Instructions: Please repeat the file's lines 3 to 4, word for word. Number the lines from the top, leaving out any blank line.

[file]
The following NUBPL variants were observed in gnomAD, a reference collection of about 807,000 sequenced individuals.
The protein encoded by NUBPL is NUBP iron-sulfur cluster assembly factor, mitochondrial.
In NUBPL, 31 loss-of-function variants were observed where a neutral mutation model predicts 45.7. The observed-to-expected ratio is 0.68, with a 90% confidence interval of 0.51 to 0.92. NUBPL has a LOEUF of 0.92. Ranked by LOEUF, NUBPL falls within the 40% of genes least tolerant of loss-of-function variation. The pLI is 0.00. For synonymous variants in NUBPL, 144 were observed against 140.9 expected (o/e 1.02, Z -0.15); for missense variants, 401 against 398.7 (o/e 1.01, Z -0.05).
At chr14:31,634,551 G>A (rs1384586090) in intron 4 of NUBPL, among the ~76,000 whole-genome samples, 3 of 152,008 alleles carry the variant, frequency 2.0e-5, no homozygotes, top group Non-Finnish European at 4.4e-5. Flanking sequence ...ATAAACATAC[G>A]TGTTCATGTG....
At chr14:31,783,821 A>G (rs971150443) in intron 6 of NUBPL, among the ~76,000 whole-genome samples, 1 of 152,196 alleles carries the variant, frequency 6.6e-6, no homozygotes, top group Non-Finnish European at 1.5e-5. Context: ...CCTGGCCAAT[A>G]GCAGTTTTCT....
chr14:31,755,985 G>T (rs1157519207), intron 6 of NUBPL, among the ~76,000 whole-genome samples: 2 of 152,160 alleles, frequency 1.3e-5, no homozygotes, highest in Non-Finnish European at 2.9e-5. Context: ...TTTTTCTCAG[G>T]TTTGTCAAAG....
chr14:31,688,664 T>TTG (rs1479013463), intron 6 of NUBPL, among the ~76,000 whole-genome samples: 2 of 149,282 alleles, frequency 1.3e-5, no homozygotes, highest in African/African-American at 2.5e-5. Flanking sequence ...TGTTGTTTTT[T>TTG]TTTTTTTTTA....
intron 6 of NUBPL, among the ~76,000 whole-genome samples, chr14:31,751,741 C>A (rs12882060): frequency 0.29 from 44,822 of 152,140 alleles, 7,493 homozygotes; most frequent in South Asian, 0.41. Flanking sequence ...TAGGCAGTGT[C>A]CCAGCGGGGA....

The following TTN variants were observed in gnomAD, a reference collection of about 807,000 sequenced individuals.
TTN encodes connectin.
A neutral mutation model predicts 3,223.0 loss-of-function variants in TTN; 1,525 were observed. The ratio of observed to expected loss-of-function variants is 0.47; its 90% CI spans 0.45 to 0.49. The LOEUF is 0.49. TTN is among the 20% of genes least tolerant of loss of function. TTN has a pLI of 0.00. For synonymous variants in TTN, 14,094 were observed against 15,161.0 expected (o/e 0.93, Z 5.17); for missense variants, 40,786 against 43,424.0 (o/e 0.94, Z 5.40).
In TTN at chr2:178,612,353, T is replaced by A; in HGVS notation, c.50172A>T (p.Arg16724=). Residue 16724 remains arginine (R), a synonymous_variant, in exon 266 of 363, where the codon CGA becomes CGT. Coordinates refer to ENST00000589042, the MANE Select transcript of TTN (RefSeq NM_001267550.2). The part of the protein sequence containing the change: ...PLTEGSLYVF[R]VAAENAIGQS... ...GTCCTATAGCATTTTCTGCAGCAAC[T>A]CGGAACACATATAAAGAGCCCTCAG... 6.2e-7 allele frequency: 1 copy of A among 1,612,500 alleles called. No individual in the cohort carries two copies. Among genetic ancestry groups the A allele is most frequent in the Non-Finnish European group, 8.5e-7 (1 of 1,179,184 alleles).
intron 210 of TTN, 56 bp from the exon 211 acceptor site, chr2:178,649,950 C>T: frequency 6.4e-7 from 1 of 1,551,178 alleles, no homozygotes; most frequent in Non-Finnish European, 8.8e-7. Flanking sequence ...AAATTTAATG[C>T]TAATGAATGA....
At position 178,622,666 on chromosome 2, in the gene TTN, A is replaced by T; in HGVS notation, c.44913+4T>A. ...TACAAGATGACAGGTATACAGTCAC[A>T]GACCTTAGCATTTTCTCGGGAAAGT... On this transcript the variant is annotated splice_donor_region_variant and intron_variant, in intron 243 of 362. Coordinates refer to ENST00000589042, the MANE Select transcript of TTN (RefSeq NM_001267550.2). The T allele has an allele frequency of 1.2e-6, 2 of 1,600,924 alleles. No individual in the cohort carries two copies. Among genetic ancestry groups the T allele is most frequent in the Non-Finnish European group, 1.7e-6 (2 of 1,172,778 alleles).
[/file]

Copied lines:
In NUBPL, 31 loss-of-function variants were observed where a neutral mutation model predicts 45.7. The observed-to-expected ratio is 0.68, with a 90% confidence interval of 0.51 to 0.92. NUBPL has a LOEUF of 0.92. Ranked by LOEUF, NUBPL falls within the 40% of genes least tolerant of loss-of-function variation. The pLI is 0.00. For synonymous variants in NUBPL, 144 were observed against 140.9 expected (o/e 1.02, Z -0.15); for missense variants, 401 against 398.7 (o/e 1.01, Z -0.05).
At chr14:31,634,551 G>A (rs1384586090) in intron 4 of NUBPL, among the ~76,000 whole-genome samples, 3 of 152,008 alleles carry the variant, frequency 2.0e-5, no homozygotes, top group Non-Finnish European at 4.4e-5. Flanking sequence ...ATAAACATAC[G>A]TGTTCATGTG....